Putin desperate as Russian army exploiting neighbouring countries for soldiers

Russia is “exploiting foreign nationals” by offering huge cash incentives and even blackmailing others to fight in its war in Ukraine, the British Ministry of Defence has reported.

More than 120,000 Russians have died in Ukraine in the last 19 months of war, according to the latest US estimates, with a further 180,000 taken off the battlefield due to injuries.

Hoping to avoid unpopularity on the mainland, Putin has explored numerous means of plugging these losses without ordering a mobilisation.

In the past few months alone, the Russian Ministry of Defence has raised the salary of soldiers in Ukraine to nearly triple the national wage, forced the country’s top universities to accept the underqualified children of those taking part in the “special military operation” and has pushed short term contracts for younger reservists.

In its latest update, the British MoD said Russia has begun “appealing to citizens of neighbouring countries” as part of its new campaign to maintain its war in Ukraine.

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The update read: “As of late June 2023, Russia has been appealing to citizens of neighbouring countries with recruitment adverts for individuals to fight in Ukraine.

“Online adverts have been observed in Armenia and Kazakhstan offering 495,000 roubles (£4,000) in initial payments and salaries from 190,000 roubles (£1,600).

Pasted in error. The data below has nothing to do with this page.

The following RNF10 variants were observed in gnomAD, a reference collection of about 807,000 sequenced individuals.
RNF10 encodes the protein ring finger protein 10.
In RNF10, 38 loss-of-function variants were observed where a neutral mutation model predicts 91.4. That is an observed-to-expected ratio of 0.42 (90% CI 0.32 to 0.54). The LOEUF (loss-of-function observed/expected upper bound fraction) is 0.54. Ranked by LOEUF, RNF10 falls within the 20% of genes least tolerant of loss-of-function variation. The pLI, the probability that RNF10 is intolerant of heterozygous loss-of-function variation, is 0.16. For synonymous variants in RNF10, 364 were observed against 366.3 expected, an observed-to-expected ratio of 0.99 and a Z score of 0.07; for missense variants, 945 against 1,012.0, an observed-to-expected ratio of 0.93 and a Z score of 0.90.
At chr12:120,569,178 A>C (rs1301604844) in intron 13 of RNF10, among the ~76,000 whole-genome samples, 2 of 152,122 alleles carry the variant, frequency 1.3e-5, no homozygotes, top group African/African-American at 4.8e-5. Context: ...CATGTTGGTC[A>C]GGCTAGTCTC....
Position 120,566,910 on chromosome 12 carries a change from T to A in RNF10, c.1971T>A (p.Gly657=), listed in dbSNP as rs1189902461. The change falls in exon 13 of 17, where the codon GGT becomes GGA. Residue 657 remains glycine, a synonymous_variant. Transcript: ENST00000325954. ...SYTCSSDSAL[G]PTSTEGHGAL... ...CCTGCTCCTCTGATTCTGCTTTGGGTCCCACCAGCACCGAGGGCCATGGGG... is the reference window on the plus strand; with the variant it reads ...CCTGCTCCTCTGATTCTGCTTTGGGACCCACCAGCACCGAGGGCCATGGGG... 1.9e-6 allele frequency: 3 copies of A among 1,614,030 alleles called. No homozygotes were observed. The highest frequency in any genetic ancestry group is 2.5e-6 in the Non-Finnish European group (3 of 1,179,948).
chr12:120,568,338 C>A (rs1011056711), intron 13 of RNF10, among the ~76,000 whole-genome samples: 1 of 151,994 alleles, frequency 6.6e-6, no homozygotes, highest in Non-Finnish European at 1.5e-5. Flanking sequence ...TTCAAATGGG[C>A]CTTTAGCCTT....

“There have been recruitment efforts in Kazakhstan’s northern Qostanai region, appealing to the ethnic Russian population.

“Since at least May 2023, Russia has approached central Asian migrants to fight in Ukraine with promises of fast-track citizenship and salaries of up to £3,300.”

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They added: “Uzbek migrant builders in Mariupol have reportedly had their passports confiscated upon arrival and been coerced to join the Russian military.

“There are at least six million migrants from Central Asia in Russia, which the Kremlin likely sees as potential recruits.

“Russia likely wishes to avoid further unpopular domestic mobilisation measures in the run up to the 2024 Presidential elections.

“Exploiting foreign nationals allows the Kremlin to acquire additional personnel for its war effort in the face of mounting casualties.”

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Pavel Luzin, an expert on Russian foreign and defence policy at the Centre for European Policy Analysis, told Express.co.uk that the Kremlin is desperately trying to “expand the room for manoeuvre” in hiring more soldiers to fight in Ukraine.

He said an increase in short term contracts for younger soldiers, as well as contract extensions for troops in the “active mobilisation reserve” were part of a wider programme to counter the “operative and strategic uncertainty related to the combat situation”.

This latest strategy involving foreign forces is likely yet another attempt to overcome these issues.

By comparison, Ukrainian losses are estimated at 70,000, a figure that has risen sharply since their counteroffensive began on June 4. US estimates suggest their wounded number roughly 120,000 to 130,000.

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